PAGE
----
By Jonathan Maunder
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First as Tragedy, Then as Farce

This article is over 12 years, 9 months old
Slavoj Zizek, Verso; £7.99
Issue 341

Seven years ago Slavoj Žižek wrote a short book about the 9/11 attacks entitled Welcome to the Desert of the Real. I remember it being a particularly enjoyable and spiky polemic against the ideology of the newly declared “war on terror”. By contrast his books after that seemed somewhat dense and maddeningly obscure. I found reading The Parallax View to be a particularly painful experience.

But First as Tragedy, Then as Farce is a welcome return to Žižek’s more accessible style. It attempts to do for the current economic crisis what Welcome to the Desert of the Real did for 9/11.

The first part of the book sees Žižek challenge the responses to the crisis which try to restore capitalism to health rather than kill it off. He takes on the idea that it was just a crisis of finance or that state intervention is necessarily a good thing – “In whose interests?” he asks.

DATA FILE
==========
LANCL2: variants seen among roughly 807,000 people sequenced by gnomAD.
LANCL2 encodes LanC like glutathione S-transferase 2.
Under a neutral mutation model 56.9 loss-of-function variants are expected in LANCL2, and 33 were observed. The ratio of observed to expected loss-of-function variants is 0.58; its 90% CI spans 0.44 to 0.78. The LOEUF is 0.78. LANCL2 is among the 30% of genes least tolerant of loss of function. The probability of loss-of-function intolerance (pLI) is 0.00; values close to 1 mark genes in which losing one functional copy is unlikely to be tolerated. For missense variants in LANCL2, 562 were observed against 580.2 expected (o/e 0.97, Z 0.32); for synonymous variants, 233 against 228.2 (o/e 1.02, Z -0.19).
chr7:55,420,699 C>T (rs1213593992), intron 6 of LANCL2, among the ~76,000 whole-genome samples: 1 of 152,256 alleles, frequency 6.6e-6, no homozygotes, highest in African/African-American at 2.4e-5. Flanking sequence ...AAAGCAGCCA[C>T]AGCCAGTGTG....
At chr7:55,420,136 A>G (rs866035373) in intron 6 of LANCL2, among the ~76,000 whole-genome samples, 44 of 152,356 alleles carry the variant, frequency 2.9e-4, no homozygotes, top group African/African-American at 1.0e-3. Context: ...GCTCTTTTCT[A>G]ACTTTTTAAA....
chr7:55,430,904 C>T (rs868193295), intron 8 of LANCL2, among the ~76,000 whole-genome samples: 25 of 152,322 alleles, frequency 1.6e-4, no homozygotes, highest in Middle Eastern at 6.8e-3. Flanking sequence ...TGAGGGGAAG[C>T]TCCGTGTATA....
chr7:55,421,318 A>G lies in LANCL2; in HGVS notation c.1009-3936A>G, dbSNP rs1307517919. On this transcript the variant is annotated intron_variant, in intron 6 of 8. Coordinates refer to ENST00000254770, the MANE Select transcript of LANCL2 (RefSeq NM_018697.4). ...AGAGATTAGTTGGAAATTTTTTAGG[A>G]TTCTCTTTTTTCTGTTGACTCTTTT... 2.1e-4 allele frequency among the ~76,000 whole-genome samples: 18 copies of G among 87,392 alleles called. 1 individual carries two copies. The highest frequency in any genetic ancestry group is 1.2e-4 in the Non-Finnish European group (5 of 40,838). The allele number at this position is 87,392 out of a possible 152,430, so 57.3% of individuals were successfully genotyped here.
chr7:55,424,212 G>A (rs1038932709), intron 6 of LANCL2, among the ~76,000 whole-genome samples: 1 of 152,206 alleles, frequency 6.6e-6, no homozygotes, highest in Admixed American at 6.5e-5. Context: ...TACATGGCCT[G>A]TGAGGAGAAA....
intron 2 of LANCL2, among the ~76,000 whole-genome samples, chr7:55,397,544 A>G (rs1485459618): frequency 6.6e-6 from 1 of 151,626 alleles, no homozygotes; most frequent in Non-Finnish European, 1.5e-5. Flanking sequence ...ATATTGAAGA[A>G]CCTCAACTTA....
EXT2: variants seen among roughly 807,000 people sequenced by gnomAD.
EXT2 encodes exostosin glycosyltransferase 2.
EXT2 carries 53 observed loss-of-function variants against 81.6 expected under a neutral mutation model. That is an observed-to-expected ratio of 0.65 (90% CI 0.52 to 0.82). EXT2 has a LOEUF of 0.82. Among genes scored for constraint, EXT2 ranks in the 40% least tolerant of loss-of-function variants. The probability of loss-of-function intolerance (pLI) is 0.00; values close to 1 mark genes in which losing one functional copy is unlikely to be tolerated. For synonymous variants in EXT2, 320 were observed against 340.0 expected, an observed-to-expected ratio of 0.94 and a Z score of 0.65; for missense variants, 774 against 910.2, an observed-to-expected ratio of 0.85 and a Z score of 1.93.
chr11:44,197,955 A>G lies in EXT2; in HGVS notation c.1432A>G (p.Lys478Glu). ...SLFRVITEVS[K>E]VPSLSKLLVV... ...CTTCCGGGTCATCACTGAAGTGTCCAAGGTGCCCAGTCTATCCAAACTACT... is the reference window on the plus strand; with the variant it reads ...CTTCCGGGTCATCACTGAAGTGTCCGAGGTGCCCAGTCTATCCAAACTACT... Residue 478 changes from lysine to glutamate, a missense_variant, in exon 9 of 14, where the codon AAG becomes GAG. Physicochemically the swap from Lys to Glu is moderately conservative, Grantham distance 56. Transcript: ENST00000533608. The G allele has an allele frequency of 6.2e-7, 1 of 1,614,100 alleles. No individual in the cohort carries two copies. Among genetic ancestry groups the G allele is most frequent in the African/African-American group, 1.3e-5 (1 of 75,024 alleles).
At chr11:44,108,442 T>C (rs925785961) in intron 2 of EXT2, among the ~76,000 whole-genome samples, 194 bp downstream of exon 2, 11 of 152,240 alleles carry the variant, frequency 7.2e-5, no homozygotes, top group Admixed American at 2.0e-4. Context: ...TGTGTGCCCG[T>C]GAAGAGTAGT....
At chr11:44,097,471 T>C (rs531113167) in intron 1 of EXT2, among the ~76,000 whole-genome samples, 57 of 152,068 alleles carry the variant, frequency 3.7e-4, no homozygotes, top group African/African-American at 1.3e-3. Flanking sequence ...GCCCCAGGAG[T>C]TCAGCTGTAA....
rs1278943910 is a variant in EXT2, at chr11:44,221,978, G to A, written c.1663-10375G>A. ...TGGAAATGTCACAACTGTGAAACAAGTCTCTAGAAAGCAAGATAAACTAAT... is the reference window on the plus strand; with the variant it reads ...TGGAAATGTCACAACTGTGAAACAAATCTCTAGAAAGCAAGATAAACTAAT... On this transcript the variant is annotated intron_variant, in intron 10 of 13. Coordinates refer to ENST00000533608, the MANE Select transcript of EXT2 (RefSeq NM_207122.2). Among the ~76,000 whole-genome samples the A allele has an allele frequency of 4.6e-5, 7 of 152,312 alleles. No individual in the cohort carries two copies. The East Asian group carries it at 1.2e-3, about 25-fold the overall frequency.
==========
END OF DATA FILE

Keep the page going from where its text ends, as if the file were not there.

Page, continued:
The second half of the book is about recreating militant resistance to capitalism. Žižek moves with dizzying speed through an array of examples to make his arguments, and it sometimes feels that the analysis is more suggestive, offering specific insights, than substantive.

If you haven’t read Žižek and wonder what the fuss is about, this would be a good place to start. You can then form your own opinion about the strength of his arguments.

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